By Chris Adams

Luiz Barbieri, a marine fisheries biologist with Florida’s Fish and Wildlife Research Institute, offered National Press Foundation fellows an overview of the tricky science of fish stock assessments. It’s a simple thing, counting fish. Well, almost.

“Counting fish is just like counting trees, except they’re invisible and they keep moving,” he said, recounting an old joke from one of the giants in the field, John Shepherd.

But try scientists do, since having a baseline of the number of red snapper or bluefin tuna or grouper or any number of other species is vital to managing the world’s underwater resources. “Stock assessment” is an important part of that process.

It involves estimating how many fish there are, as well as how many there will be after regulators set catch limits or season lengths. It also means determining what a “sustainable rate” for a particular species might be.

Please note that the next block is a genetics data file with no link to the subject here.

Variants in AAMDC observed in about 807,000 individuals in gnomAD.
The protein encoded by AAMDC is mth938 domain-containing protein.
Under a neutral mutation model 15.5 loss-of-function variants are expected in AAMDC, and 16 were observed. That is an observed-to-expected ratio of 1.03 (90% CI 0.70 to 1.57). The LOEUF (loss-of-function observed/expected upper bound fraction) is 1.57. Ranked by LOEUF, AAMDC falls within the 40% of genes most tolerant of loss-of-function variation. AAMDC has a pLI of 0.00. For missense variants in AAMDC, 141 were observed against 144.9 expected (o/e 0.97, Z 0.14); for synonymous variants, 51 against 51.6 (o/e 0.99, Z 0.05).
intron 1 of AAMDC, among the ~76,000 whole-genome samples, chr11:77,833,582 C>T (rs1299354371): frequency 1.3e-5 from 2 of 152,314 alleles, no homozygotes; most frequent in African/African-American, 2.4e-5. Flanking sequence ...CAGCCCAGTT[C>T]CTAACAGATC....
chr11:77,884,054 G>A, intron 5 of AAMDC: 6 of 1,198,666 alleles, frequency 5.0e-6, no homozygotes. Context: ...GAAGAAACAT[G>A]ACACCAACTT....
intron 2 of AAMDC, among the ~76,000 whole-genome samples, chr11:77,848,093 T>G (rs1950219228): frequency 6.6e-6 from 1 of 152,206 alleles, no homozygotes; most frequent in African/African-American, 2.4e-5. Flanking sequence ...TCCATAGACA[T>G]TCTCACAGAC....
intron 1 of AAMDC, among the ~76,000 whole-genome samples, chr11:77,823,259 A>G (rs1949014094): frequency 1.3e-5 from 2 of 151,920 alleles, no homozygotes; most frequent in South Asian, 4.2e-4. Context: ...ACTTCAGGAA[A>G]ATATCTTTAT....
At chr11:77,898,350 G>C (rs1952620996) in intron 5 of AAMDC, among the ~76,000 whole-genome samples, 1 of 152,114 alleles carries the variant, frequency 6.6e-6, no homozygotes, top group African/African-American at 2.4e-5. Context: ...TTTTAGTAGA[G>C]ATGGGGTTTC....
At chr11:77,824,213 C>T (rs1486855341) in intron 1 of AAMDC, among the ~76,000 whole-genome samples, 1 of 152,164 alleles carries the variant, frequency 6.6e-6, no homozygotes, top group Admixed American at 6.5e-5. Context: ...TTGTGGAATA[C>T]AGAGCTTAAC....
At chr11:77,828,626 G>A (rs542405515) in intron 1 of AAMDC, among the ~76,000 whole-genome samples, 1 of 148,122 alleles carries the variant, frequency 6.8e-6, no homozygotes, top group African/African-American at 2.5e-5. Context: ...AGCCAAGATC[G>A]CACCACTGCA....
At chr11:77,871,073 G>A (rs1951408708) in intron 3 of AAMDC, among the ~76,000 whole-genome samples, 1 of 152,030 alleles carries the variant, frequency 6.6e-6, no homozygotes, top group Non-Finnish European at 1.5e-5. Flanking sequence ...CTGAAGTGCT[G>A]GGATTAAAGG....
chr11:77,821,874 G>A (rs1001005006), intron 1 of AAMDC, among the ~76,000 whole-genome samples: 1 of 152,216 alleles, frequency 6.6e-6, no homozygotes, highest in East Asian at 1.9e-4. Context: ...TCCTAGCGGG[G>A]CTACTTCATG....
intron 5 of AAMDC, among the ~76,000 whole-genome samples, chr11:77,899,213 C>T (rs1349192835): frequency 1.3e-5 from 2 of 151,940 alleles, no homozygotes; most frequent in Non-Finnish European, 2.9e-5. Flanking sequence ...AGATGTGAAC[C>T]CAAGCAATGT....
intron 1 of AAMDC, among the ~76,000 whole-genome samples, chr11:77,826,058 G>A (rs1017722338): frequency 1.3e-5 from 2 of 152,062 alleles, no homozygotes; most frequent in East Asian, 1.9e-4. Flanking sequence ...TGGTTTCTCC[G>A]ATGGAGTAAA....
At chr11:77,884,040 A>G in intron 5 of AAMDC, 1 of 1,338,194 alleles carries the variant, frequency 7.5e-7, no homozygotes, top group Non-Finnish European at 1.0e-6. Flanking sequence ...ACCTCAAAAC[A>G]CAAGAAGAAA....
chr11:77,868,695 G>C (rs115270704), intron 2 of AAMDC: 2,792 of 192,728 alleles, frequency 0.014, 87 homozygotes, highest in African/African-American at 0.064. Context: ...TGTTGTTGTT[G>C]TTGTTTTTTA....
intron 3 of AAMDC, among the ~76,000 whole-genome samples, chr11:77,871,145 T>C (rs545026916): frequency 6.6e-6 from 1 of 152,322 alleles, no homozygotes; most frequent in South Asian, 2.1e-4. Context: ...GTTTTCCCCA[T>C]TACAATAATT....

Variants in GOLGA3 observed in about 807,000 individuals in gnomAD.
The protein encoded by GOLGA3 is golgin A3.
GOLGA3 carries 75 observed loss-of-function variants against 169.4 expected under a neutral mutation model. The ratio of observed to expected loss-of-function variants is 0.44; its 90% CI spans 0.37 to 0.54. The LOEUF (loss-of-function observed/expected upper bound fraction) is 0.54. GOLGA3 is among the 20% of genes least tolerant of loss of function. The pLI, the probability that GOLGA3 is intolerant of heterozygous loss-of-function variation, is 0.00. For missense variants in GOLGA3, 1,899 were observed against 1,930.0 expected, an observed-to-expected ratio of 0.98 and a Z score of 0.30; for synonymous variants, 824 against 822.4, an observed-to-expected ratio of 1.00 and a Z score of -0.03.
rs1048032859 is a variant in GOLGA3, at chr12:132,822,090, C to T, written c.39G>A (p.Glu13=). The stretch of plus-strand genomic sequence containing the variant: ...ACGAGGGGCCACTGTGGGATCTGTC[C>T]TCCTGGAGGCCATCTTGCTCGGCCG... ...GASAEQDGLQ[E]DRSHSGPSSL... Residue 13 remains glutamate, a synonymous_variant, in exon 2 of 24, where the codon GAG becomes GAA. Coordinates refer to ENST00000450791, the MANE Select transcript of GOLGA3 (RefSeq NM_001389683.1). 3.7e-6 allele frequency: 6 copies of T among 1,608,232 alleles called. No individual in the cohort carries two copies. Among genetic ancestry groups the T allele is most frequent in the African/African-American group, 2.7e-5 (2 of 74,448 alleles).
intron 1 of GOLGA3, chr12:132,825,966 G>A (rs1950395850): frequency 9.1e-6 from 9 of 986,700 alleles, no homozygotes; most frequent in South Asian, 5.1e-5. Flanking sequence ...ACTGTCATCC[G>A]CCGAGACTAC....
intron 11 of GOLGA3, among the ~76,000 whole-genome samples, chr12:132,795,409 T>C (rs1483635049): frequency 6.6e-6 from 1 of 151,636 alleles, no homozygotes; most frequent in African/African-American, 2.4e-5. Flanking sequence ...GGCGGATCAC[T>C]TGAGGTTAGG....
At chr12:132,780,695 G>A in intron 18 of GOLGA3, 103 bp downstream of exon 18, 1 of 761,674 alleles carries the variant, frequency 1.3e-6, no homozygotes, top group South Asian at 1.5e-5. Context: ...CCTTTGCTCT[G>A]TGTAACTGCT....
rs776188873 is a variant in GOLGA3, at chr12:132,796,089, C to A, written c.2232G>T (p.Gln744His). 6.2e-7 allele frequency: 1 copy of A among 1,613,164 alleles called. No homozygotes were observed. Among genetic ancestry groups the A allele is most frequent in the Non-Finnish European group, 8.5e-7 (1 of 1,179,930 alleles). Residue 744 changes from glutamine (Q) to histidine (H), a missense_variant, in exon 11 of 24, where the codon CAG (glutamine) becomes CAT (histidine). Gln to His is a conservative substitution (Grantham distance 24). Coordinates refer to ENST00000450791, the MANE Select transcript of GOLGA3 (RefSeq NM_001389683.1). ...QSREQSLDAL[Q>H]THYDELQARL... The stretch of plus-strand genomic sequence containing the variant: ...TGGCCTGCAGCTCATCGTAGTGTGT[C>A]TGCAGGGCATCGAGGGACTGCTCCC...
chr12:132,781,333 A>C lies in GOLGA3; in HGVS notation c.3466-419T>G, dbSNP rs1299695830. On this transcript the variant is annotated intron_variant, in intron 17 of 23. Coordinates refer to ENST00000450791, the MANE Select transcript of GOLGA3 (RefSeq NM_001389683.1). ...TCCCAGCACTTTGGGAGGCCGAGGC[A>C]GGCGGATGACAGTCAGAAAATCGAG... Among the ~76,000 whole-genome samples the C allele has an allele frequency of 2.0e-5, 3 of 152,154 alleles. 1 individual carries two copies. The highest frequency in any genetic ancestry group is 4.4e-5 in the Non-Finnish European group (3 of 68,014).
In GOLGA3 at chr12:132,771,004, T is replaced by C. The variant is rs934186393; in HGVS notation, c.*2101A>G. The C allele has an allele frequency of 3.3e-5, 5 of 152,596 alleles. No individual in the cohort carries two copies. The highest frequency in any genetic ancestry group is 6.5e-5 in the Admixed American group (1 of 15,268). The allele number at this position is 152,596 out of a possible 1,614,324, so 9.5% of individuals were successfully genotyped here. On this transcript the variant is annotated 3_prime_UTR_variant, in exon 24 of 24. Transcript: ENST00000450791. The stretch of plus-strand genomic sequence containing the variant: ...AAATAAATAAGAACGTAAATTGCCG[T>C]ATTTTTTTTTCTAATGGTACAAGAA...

It’s all part of the guiding principle for all fisheries management issues: “prevent overfishing, while also allowing yield.”

“Fisheries stock assessment – its’ not rocket science. It’s harder,” Barbieri said. “You want to know how many are there, and how they respond to fishing.”

He described different data that go into stock assessments, including those derived from commercial or recreational fisheries, as well as those that stem from scientific probes and other research efforts. Researchers take those data and merge it with birth, growth and death rates of a species to come up with an estimate of how many are actually in the water.

That said: It’s all an estimate. And given that people’s livelihoods are dependent on it, the numbers the fish scientists come up with can become the sources of controversy. In fact, what scientists know about a particular species’ numbers is dwarfed by what they don’t know.